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The Somatic Connection  |   March 2015
Dramatic Reduction in Menstrual Pain After Osteopathic Manipulative Therapy
Author Affiliations
  • Hollis H. King, DO, PhD
    University of California, San Diego School of Medicine
Article Information
The Somatic Connection   |   March 2015
Dramatic Reduction in Menstrual Pain After Osteopathic Manipulative Therapy
The Journal of the American Osteopathic Association, March 2015, Vol. 115, 170-171. doi:10.7556/jaoa.2015.033
The Journal of the American Osteopathic Association, March 2015, Vol. 115, 170-171. doi:10.7556/jaoa.2015.033
Schwerla F, Wirthwein P, Rütz M, Resch KL. Osteopathic treatment in patients with primary dysmenorrhea: a randomized controlled trial. Int J Osteopath Med. 2014;17:222-231. doi:10.1016/j.ijosm.2014.04.003.  
Researchers in Germany used a pragmatic design to assess the effect of osteopathic manipulative therapy (OMTh; manipulative care provided by foreign-trained osteopaths) on women with diagnosed primary dysmenorrhea (N=60). Inclusion criteria were age 14 years or older and “regular menstrual cycle (± 10 days).” Exclusion criteria were contraceptive use, being pregnant, reported substance abuse, hormonal therapy, neurologic abnormalities, or a diagnosis of secondary dysmenorrhea. Participants were randomly assigned to an OMTh group (N=25) or a control (no intervention) group (N=28).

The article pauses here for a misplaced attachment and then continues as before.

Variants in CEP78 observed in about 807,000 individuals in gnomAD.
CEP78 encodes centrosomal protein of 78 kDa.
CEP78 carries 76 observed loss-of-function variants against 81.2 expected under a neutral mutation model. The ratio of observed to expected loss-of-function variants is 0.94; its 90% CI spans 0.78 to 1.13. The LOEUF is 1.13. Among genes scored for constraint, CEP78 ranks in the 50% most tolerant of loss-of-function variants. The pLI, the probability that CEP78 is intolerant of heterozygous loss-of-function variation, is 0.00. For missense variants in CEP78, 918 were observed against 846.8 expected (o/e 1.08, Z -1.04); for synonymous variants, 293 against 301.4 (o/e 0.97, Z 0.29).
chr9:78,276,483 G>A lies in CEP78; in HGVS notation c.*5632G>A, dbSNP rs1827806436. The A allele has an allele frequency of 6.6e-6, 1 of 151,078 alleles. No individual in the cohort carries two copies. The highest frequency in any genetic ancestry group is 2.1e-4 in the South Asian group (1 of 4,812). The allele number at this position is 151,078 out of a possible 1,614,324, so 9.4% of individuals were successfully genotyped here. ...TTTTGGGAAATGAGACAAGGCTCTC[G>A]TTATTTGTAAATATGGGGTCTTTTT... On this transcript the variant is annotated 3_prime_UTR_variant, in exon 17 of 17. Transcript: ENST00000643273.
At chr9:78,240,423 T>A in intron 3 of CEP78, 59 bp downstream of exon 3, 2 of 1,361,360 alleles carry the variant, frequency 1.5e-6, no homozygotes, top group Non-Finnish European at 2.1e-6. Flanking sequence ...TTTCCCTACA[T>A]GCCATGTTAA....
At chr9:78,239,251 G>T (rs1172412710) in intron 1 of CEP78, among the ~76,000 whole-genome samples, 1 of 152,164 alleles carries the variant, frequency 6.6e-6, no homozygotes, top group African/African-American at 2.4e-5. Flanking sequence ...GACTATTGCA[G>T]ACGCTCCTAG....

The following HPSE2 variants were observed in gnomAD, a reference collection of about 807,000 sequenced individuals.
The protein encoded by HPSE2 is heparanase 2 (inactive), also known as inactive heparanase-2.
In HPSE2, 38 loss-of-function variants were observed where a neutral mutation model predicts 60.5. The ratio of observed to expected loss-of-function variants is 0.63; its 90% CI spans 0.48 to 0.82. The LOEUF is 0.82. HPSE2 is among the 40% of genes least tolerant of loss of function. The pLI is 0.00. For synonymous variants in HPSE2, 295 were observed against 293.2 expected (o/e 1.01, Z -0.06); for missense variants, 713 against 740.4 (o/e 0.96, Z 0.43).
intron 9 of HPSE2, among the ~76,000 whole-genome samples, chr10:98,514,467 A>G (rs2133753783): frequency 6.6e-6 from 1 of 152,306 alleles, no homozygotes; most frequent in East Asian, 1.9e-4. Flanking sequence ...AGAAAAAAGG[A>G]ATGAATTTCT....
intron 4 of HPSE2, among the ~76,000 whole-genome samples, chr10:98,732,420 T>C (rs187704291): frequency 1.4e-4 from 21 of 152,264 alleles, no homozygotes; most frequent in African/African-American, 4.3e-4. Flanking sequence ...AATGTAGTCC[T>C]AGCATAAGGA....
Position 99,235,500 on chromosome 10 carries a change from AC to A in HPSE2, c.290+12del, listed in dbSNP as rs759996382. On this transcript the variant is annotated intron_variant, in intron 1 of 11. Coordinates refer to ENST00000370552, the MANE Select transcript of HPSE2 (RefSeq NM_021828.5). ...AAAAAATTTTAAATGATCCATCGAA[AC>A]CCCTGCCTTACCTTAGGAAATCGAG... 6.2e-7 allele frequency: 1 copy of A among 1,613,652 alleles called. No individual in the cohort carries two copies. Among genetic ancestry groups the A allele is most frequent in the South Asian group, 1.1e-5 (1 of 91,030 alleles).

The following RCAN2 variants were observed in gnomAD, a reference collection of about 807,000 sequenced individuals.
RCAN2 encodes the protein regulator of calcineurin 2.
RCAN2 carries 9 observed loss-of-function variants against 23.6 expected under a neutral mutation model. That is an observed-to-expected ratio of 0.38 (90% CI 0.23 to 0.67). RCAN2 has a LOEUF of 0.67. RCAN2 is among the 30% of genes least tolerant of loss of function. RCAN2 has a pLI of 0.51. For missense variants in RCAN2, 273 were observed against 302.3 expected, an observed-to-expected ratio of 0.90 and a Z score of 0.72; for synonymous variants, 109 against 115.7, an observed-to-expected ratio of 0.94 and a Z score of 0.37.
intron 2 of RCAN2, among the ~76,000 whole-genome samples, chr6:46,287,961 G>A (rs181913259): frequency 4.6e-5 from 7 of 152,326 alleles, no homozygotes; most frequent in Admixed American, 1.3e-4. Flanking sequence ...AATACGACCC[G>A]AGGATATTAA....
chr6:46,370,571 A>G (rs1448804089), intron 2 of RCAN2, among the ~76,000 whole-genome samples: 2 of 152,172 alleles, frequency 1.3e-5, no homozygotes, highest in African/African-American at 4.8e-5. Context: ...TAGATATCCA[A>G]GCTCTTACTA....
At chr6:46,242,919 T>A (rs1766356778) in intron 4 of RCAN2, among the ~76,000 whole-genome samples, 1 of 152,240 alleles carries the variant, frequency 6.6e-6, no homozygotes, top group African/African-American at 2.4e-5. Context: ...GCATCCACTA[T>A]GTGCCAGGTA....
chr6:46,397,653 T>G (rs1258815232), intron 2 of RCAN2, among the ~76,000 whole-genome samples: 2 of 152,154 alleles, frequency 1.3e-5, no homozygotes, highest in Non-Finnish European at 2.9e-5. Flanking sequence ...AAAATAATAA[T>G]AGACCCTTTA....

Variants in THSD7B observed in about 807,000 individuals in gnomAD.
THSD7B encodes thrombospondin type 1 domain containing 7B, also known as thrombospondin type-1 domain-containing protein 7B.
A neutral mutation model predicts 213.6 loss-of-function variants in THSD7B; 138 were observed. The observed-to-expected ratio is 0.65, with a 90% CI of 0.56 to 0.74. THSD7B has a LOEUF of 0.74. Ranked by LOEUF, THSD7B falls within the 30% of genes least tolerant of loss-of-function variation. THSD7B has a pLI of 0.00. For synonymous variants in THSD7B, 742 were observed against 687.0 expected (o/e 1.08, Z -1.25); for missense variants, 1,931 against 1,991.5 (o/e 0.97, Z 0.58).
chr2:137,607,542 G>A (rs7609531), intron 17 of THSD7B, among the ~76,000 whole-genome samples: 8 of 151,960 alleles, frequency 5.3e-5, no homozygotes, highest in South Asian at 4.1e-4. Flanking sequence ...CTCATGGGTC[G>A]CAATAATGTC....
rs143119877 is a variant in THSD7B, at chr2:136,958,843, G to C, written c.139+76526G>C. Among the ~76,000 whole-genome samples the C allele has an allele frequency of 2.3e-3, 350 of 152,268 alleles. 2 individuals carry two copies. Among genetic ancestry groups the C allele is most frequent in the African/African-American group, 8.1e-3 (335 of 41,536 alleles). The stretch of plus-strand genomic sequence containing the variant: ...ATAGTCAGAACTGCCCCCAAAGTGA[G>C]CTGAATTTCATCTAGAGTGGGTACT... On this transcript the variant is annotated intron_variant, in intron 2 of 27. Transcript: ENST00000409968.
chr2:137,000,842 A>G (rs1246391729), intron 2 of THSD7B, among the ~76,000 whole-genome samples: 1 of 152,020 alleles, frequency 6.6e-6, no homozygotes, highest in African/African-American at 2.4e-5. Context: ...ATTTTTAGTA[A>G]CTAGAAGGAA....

Osteopathic evaluation and OMTh were carried out by 3 osteopaths who were registered naturopaths. Patients in the OMTh group received 6 therapy sessions delivered twice per menstrual cycle for 3 successive cycles. In each session, OMTh was applied to only those structures in which somatic dysfunction was present. 
Outcome measures included a numerical rating scale (NRS), with 0 indicating no pain and 10 indicating worst pain imaginable, and a health-related quality of life questionnaire, the Short Form (SF)-36. Duration of menstrual pain was also measured by recording the number of days patients reported general pain and the number of days patients reported intense pain (ie, ≥5 on the NRS). Whereas measures for the OMTh group were collected at each session, participants in the control group filled out the SF-36 and NRS for duration and intensity of pain once per menstrual cycle and mailed in their data. At baseline, no statistically significant differences were noted between groups for any outcome measure. 
Results were significant for reduction of pain intensity in the OMTh group, with mean (SD) NRS scores of 4.6 (1.2) before intervention and 1.9 (1.4) after intervention (P<.0005). The mean (SD) reported days of general pain was also significantly reduced in this group (4.5 [1.8] days before intervention to 2.2 [1.8] after intervention; P<.0005), as was reported duration of intense pain (2.2 [1.4] days before intervention to 0.2 [0.6] days after intervention; P<.0005). No changes in these measures were observed for the control group. The physical component score on the SF-36 showed significant improvement for the OMTh group (P<.003) but not for the control group. 
The pragmatic “treat what you find” study design produced dramatic reduction in the symptoms of primary dysmenorrhea, although it has not been used in many osteopathic research projects. The researchers planned for this study to test the value of seeking help from an osteopath (ie, the perceived effectiveness rather than the effectiveness of particular osteopathic techniques). I believe this approach to research design has a promising future in the osteopathic medical profession.